Post # 1
About this time last year, I accepted a job offer and moved across the country (back to home) to start the job in January.
At the time, I just really wanted the job. My offer was fair, and I failed to negotiate.
Now, annual reviews will be happening.
When I accepted the job, I accepted about 5% less than I was making previously (Cost of living here is WAY less so that was okay). I also lost a week of vacation compared to what I had and really…I lost 2 because I would have gained a week this year at my old job.
I know I want to ask for the additional week of vacation (I’ve since learned that I’m the only employee who doesn’t get 3 weeks)
I also need to ask for a raise. My offer promised that I’d be at my old salary at the end of the year assuming I produce on budget (which I do).
Here’s the catch. I recently got my professional certification. If I was still at my old job, that would have come with a raise of almost 20%.
I don’t think I can ask for a 25% raise – BUT I do know that the other guy who has the same years of experience as me, just all at this one office is making that already. He also go his certification literally the same day as I did.
I also know that our new intern is only making about 5% less than me (which REALLY irritates me).
I know I’m not supposed to know what the others make and I can’t use that, but it really bothers me.
SO…how much of a raise can I actually ask for without being ridiculous? I’ve actually never had to do this so I’m a nervous wreck. They can’t fire me for asking for too much can they?
Post # 2
Ask for 25%, and back it up with numbers and data. If they don’t want to pay you your worth, you know you can get it elsewhere – and they do, too.
Don’t undervalue yourself!!! The worst they can say is no. Most employers worth a damn will respect you for fighting for your worth. They won’t fire you. And if they do, they’re a pretty shitty place to work.
You have the creds, you deserver +25%, and that’s all there is to it. LEAN IN 🙂
Post # 3
Honestly, I’ve worked in a number of places, and I don’t think I’ve ever had an opportunity to negotiate my raise. It definitey does happen in some industries for some people, but that has not been my experience.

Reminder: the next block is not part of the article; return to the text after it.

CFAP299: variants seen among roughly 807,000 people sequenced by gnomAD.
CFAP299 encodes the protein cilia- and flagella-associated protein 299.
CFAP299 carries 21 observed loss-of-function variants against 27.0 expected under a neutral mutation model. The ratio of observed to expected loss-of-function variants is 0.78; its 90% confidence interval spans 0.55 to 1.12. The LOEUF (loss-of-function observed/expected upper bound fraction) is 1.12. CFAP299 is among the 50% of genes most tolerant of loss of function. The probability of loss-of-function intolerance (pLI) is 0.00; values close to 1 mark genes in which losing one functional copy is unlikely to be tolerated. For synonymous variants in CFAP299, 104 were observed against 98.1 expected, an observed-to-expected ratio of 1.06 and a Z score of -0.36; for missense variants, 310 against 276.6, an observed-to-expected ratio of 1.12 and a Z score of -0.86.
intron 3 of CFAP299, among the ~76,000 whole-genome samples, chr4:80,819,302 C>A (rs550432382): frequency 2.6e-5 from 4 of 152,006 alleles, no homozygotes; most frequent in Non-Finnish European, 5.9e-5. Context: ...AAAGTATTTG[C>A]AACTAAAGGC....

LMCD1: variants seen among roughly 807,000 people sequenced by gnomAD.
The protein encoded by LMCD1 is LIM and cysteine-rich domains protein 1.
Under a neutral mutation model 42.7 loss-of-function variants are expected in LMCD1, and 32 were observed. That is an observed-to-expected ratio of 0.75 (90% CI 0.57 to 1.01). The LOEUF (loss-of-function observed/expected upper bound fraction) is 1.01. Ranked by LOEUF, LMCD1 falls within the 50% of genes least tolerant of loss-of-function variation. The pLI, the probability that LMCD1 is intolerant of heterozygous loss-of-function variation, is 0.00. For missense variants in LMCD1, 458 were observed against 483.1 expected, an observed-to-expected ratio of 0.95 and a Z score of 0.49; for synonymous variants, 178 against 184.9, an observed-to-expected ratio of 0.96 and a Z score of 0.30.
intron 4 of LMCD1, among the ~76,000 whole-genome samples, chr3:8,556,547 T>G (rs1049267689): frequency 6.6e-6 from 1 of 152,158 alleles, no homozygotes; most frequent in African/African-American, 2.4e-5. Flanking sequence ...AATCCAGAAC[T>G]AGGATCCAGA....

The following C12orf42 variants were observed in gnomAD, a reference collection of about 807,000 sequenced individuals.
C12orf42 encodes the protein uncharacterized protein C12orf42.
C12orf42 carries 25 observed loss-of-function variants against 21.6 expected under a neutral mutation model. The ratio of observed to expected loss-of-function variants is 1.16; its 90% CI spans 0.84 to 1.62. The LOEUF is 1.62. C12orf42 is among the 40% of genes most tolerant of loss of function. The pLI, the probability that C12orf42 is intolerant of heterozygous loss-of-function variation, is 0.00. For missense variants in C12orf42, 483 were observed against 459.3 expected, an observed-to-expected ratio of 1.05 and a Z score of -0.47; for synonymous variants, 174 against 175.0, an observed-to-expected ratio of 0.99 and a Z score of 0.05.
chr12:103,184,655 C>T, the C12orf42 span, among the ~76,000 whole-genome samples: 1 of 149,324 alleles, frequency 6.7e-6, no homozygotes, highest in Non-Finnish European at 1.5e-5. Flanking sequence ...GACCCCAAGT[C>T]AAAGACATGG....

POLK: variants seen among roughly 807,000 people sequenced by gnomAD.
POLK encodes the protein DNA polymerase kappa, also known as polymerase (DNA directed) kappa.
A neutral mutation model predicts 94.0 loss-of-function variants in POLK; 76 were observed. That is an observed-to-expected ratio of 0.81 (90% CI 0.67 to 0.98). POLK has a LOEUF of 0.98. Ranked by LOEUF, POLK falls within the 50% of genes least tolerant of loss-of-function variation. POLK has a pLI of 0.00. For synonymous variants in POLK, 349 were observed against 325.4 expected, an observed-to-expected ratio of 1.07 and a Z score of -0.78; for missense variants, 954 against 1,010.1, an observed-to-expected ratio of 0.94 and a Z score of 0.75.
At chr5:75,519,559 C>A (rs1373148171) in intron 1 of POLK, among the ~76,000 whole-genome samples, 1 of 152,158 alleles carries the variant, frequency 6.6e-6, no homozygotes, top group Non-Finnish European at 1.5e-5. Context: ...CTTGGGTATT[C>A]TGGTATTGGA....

I currently work for a very small company, and I think my first raise there was about three percent. This year, I asked about raises, and the owners informed me that, although the company is profitable, it isn’t as profitable as it had been, primarily because we’ve added a number of new staff to position the company for the future. Because of this, I received no raise at all. That was very disappointing to me, but I specifically asked if their decision was based on my performance and they clearly told me that it was not at all related to my performance and that no one in the company was being denied a raise due to subpar performance.
It’s certainly possible that your company would consider giving you a 25 percent raise, but, that is a very large percentage as raises go. Also, in this enconomy, that type of increase is not necessarily something you can expect. I would ask for what you think you’re worth, but I would also set your expectations lower so that you’re not upset and angry if you don’t get what you want.
Post # 4
Have you asked around a bit to see how your company does raises? And is your direct manager on board? Often time your manager has influence but no control of your salary. It’s a HR issue that he has to deal with so better hope he’s on your side.
I know for my company, what you’re asking is impossible. Vacation is definitely non-negotiable and my company has limits on increases. Officially my company only allows pay increases of 10% and promotion increases of 10%. When I went from one position in the company to another, I got a pay increase followed by a promotion in the same week but I was still forced to eat it and take a salary less than market value for a year. The same situation occurred with a friend from another department but his managers must have fought a little harder for him. Officially he got an unfairly low salary but he got a random mid year bonus to make his year end earnings fair.
Post # 5
I would ask for it. Especially since you’ve earned your professional certificate.
For my last 2 reviews, I received a 25% and then a 20% raise. You bring value to your company. I hope they notice it!!
Outline the value you’ve brough to the company: your strengths and accomplishments and your goals for the upcoming year. I would also highlight any creative or process-driven projects you’ve worked on or are working on
Even though you are nervous, try to put on a calm and confident front. They may already have a raise amount in mind for you so prepare for negotiating and don’t settle if you truly feel like you’re not getting what you’re worth.
Post # 6
I absolutely agree with happyhappywife – you should totally ask for everything you want, and back up why you deserve it. Don’t negotiate against yourself before you start!
Post # 7
I’m all for asking for what you want in life, but I would recommend looking into your company policy on raises first. I would be a little embarrassed to walk in to my current HR office and ask for that large of a raise, because knowing the policies, they would probably just laugh at me. So just be sure you know what is possible and how the HR / raise system works. I guess it helps if it is a smaller company too, because they have more leniency.